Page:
Beyond the Pulpit: Two Ways Ordinary Believers Minister to the Church -- By: Timothy R. Nichols

Journal: Chafer Theological Seminary Journal
Volume: CTSJ 10:2 (Fall 2004)
Article: Beyond the Pulpit: Two Ways Ordinary Believers Minister to the Church
Author: Timothy R. Nichols

Beyond the Pulpit:
Two Ways Ordinary Believers Minister to the Church

Timothy R. Nichols

Timothy R. Nichols received his most significant biblical education from his father, Rev. Edd Nichols. He went on to spend three years at Florida Bible College, and completed his B.S. at Southeastern Bible College in 1997. After a brief interlude, Tim continued his education at Chafer Theological Seminary, graduating with a Th.M. in 2004. Tim presently ministers as an assistant pastor at Grace Chapel in Orange, CA, and as an instructor at Chafer Theological Seminary. His e-mail address is [email protected].


The public teaching of Scripture from the pulpit is vital to the spiritual health of the church. But Christians frequently forget that the object of the pulpit ministry is not merely to minister to the hearers, but to prepare the hearers to minister to each other. Ephesians 4:11–16 clearly states that pastors and teachers equip the saints for the work of the ministry. But how do the members of the body minister to one another? This paper presents two vital concepts for Christian ministry that believers frequently disregard in doctrine and practice. Few people in the pew know these concepts. Those who have heard them before are usually unaware that they have a biblical basis, and few have any model they can look up to as an example of how to apply them. Fewer still have someone training them to develop skill in applying these truths.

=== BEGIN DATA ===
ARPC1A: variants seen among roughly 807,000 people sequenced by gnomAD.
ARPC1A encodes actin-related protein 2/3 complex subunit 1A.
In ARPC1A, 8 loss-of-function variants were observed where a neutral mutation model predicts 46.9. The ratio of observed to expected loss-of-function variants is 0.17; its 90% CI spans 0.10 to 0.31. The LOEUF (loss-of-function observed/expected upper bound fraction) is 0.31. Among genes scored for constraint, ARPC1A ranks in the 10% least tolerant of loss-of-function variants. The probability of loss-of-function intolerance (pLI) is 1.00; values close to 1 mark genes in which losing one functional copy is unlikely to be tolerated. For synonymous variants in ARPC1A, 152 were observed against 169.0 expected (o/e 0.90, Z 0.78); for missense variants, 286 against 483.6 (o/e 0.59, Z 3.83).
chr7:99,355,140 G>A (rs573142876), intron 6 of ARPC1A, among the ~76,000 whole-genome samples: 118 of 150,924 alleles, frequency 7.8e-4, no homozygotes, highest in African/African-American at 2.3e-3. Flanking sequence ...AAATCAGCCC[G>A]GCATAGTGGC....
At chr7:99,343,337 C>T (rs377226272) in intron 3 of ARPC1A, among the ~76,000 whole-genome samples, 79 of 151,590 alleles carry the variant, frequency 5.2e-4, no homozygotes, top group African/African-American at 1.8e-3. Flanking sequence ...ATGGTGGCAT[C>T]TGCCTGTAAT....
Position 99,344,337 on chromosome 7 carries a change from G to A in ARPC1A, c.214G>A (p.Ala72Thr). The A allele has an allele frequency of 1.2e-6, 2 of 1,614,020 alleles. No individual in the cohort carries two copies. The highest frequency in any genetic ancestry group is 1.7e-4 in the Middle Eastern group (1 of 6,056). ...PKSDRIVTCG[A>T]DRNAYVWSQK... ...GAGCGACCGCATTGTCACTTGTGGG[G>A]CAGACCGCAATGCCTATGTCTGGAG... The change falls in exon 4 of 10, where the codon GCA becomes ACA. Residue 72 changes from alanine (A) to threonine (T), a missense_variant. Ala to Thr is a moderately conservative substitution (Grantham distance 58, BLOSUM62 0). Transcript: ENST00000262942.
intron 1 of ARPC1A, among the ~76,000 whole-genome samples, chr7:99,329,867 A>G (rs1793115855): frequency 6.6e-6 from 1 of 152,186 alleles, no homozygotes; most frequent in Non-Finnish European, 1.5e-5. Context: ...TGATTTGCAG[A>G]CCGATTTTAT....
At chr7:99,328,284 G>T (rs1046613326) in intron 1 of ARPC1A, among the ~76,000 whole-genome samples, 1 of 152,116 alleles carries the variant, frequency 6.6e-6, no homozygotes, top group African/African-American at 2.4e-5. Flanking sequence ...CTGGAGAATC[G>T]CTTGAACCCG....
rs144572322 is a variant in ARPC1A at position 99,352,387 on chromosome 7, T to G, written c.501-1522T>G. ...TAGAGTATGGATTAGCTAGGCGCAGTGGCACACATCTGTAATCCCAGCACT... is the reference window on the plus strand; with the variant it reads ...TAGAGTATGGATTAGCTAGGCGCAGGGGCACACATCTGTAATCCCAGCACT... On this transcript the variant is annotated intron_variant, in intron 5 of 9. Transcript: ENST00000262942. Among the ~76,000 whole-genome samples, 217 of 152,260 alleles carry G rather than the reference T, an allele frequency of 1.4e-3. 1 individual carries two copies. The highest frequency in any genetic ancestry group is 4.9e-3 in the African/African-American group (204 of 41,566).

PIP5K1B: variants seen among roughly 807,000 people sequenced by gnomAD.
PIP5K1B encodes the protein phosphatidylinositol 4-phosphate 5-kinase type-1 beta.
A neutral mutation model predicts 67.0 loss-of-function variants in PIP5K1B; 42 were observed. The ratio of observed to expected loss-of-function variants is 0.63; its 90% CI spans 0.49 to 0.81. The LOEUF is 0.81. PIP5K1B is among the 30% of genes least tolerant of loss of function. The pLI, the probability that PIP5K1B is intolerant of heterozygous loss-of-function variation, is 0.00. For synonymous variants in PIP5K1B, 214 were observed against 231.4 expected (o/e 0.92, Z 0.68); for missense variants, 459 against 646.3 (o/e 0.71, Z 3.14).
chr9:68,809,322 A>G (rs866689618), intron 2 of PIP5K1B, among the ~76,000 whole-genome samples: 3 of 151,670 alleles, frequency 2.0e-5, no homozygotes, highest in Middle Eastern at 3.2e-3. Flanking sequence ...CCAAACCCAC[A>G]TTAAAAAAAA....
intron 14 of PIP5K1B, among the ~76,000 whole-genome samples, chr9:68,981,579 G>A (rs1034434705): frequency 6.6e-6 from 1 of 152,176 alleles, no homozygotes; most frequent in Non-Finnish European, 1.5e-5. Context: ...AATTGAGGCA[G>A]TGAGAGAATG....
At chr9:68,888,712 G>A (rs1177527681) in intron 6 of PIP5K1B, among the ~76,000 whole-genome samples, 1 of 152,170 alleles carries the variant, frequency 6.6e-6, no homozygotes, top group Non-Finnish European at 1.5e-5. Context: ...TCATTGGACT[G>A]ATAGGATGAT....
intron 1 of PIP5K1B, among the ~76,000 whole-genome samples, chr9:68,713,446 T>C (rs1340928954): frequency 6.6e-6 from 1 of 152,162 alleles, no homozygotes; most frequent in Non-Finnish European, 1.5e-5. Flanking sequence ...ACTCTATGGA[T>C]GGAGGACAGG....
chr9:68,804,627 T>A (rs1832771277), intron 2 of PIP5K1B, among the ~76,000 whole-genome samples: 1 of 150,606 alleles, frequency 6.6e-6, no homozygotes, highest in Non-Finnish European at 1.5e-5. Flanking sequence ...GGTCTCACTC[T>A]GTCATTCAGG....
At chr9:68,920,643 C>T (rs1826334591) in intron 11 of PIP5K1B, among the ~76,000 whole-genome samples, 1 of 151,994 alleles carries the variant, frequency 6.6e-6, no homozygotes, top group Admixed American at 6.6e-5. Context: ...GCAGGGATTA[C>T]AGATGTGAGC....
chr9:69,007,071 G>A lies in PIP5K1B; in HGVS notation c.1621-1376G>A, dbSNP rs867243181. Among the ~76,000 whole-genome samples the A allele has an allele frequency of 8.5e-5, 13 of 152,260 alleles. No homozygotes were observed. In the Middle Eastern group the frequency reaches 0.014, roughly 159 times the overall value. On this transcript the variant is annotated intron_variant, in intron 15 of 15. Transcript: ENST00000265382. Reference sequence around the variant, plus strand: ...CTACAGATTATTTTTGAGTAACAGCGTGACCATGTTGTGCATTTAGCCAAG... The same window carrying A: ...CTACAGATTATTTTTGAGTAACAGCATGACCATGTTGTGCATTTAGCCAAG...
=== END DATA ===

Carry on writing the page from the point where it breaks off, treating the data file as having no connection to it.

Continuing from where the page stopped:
Encouragement in Hebrews

The first of these concepts has to do with fellowship and comes from the book of Hebrews. The author, audience, and purpose of Hebrews have all been hotly contested, so a few words about the larger context of the book are in order.

The author’s identity is unknown, although he states that he had no first-hand experience of Christ. He and his audience were second-generation believers: they relied on the accounts of those who had been with Jesus Himself.1 From the extensive references to the Tabernacle service, it appears that they were Jewish and had familiarity with the Law. They were believers.2 They were eternally secure, not only because

all believers are, but because the book itself treats them as such.3 The occasion of the letter is a state of spiritual decline among the audience. They had initially been faithful4 and in certain respects remained faithful,You must have a subscription and be logged in to read the entire article.
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